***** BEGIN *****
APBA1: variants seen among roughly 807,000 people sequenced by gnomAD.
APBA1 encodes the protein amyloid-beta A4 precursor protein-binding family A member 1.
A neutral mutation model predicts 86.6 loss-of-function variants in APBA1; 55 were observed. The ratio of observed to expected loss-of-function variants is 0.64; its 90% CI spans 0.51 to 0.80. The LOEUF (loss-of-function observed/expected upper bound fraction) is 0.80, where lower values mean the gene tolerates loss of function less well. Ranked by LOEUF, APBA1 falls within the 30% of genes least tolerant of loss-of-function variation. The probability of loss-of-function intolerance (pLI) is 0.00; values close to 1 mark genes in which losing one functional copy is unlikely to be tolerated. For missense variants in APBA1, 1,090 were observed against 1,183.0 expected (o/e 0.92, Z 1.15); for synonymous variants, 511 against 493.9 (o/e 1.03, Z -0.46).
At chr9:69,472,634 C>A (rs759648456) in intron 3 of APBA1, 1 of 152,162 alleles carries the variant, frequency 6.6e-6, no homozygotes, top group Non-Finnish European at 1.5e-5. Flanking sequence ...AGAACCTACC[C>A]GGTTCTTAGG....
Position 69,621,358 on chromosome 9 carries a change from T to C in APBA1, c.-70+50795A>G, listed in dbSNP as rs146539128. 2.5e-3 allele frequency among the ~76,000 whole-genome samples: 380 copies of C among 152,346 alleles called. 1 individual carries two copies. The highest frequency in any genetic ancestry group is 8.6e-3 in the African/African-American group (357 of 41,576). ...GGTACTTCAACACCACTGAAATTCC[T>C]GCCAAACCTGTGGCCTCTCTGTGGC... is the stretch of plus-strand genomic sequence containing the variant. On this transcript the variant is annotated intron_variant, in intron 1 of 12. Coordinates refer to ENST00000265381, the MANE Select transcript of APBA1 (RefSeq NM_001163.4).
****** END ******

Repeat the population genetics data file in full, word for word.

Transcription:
APBA1: variants seen among roughly 807,000 people sequenced by gnomAD.
APBA1 encodes the protein amyloid-beta A4 precursor protein-binding family A member 1.
A neutral mutation model predicts 86.6 loss-of-function variants in APBA1; 55 were observed. The ratio of observed to expected loss-of-function variants is 0.64; its 90% CI spans 0.51 to 0.80. The LOEUF (loss-of-function observed/expected upper bound fraction) is 0.80, where lower values mean the gene tolerates loss of function less well. Ranked by LOEUF, APBA1 falls within the 30% of genes least tolerant of loss-of-function variation. The probability of loss-of-function intolerance (pLI) is 0.00; values close to 1 mark genes in which losing one functional copy is unlikely to be tolerated. For missense variants in APBA1, 1,090 were observed against 1,183.0 expected (o/e 0.92, Z 1.15); for synonymous variants, 511 against 493.9 (o/e 1.03, Z -0.46).
At chr9:69,472,634 C>A (rs759648456) in intron 3 of APBA1, 1 of 152,162 alleles carries the variant, frequency 6.6e-6, no homozygotes, top group Non-Finnish European at 1.5e-5. Flanking sequence ...AGAACCTACC[C>A]GGTTCTTAGG....
Position 69,621,358 on chromosome 9 carries a change from T to C in APBA1, c.-70+50795A>G, listed in dbSNP as rs146539128. 2.5e-3 allele frequency among the ~76,000 whole-genome samples: 380 copies of C among 152,346 alleles called. 1 individual carries two copies. The highest frequency in any genetic ancestry group is 8.6e-3 in the African/African-American group (357 of 41,576). ...GGTACTTCAACACCACTGAAATTCC[T>C]GCCAAACCTGTGGCCTCTCTGTGGC... is the stretch of plus-strand genomic sequence containing the variant. On this transcript the variant is annotated intron_variant, in intron 1 of 12. Coordinates refer to ENST00000265381, the MANE Select transcript of APBA1 (RefSeq NM_001163.4).